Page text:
Bitcoin wallets comprise of passphrases meant to enhance the security of the owner’s investments. Now, what happens when the owner forgets the passphrase? One bitcoin investor has purportedly lost access to funds exceeding $12.9 million. He lost his possession after failing to record the passphrase for his wallet.
In what seems like the latest timely lesson for the general bitcoin user base, Reddit account u/lumanubrecon alleged that as of November 26, their balance of 1,800 BTC was inaccessible.
Brain Wallet Challenges
The user explained that the tokens were originally stored in a “brain wallet” in 2016. When trying to recover the wallet using the passphrase generated back then, the user discovered that the wallet does not unlock. Could this be a memory lapse that made the user forget what passphrase they used?
A brain wallet is described as a form of Bitcoin wallet that generally features no physical or digital record of its passphrase at all. On the contrary, users set up a passphrase that is easy to remember but difficult to crack. An example of a passphrase is a simple sentence that swaps out standard letters for symbols that resemble these letters.
U/lumanubrecon went ahead to explain in an accompanying post:
“Besides memorizing the passphrase I also wrote it down in a book. Then now when I keyed in the passphrase it doesn’t generate the address where I’ve sent 1800 BTC to.”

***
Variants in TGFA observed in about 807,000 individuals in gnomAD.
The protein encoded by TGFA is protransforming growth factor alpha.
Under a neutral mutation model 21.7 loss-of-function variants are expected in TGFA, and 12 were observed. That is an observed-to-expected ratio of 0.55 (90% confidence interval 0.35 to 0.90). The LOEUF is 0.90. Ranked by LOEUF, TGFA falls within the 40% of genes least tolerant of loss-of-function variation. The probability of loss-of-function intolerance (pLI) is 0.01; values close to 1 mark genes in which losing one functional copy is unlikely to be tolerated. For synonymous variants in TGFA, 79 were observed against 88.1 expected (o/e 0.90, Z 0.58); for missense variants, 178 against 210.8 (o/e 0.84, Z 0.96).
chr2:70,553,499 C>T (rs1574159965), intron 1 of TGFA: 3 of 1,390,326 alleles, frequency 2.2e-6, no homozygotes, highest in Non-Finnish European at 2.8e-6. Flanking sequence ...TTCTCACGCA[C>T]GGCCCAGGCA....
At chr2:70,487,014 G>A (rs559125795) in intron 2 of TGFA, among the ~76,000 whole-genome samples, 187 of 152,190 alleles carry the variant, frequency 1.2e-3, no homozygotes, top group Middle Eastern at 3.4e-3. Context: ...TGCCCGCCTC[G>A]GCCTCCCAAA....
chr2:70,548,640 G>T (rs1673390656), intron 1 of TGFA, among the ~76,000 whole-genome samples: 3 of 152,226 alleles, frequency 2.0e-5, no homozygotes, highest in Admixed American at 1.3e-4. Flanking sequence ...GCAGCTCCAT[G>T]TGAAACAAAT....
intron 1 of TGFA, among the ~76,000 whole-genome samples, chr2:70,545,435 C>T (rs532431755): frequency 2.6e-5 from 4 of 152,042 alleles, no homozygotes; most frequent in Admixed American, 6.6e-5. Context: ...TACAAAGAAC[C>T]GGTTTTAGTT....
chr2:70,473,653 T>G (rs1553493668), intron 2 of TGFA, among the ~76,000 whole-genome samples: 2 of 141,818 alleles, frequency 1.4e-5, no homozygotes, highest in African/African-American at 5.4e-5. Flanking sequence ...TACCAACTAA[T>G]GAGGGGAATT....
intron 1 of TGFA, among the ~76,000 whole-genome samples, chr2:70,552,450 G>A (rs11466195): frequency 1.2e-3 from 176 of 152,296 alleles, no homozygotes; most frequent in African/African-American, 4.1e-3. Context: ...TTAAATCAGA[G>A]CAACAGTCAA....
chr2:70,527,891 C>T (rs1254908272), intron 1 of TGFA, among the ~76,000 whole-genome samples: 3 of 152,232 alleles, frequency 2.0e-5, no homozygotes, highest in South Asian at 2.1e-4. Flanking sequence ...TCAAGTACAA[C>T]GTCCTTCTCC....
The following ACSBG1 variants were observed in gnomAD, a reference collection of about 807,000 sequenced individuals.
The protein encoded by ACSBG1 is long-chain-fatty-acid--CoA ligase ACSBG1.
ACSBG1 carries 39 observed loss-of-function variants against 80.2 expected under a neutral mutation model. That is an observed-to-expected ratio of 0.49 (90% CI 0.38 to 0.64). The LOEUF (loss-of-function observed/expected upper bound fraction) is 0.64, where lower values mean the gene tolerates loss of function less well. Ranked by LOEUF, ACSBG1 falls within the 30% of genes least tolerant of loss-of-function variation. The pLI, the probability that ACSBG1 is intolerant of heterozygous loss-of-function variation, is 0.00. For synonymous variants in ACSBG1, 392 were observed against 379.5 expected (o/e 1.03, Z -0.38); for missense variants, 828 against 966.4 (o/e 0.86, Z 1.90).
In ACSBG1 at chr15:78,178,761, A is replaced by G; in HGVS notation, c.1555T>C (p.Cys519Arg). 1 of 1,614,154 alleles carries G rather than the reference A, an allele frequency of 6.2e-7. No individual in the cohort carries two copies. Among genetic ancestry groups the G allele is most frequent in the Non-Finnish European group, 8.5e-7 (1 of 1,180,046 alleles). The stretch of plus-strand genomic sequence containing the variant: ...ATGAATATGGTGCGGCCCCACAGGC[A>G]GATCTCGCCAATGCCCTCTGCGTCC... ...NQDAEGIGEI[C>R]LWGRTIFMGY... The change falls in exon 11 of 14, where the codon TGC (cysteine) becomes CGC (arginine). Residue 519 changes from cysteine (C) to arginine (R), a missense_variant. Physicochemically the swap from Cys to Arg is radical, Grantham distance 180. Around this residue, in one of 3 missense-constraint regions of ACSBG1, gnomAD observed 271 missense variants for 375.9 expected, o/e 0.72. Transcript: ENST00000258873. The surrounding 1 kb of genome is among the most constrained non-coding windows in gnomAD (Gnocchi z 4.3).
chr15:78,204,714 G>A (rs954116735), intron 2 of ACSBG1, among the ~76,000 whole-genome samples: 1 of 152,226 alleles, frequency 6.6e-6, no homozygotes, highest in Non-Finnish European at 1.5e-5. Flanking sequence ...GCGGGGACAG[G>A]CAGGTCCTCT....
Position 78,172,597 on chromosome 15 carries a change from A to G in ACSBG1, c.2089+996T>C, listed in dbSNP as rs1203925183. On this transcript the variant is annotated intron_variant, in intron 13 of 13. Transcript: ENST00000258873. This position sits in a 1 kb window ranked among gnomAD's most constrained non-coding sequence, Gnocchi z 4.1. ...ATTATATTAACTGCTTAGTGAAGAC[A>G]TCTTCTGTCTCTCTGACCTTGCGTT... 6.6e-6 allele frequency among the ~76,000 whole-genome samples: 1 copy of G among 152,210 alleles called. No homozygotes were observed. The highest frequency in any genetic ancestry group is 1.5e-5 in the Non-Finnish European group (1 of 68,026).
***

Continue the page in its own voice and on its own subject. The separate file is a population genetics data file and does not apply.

Is it Fact or Fiction?
After a thorough analysis of the loss claims, many questions come up. According to Bitinfocharts monitoring resource, just two wallets with an original balance of almost 1,800 BTC appeared in 2016. Both of these wallets saw subsequent inbound transactions with 1,000 BTC ($7.16 million) leaving one of them in 2017.
One Reddit moderator subsequently marked the post as “likely fake.” On the other hand, the moderator of the r/Bitcoin subreddit, BashCo, targeted brain wallets as a means of Bitcoin storage. He tweeted:
“Why is it called a ‘brain’ wallet when anyone with an actual brain would never do something so stupid? The story is so dumb I assume it is not real.”
Irrespective of the complaint’s credibility, nonetheless, the need to protect private keys to crypto balances is gaining more attention in 2019. According to earlier reports, there is a dedicated drive to prompt users to take control of their holdings. That drive is scheduled to hold its second annual event on January 3, 2020.
Going by the name Proof of Keys, this event demands any crypto owner controls their private keys. Meanwhile, on November 25, new findings from the Binance exchange showed that most of the institutional investors using its services, totaling almost 92%, had no control of their private keys.
This allegation by one Redditor, whether real or fake, serves as a wake-up call for all crypto wallet holders to remain careful. It is advisable for everyone who has a digital wallet to always have full control of their private keys and ‘passphrases’ where applicable to ensure that they do not lose their possession to hackers or their failing memory.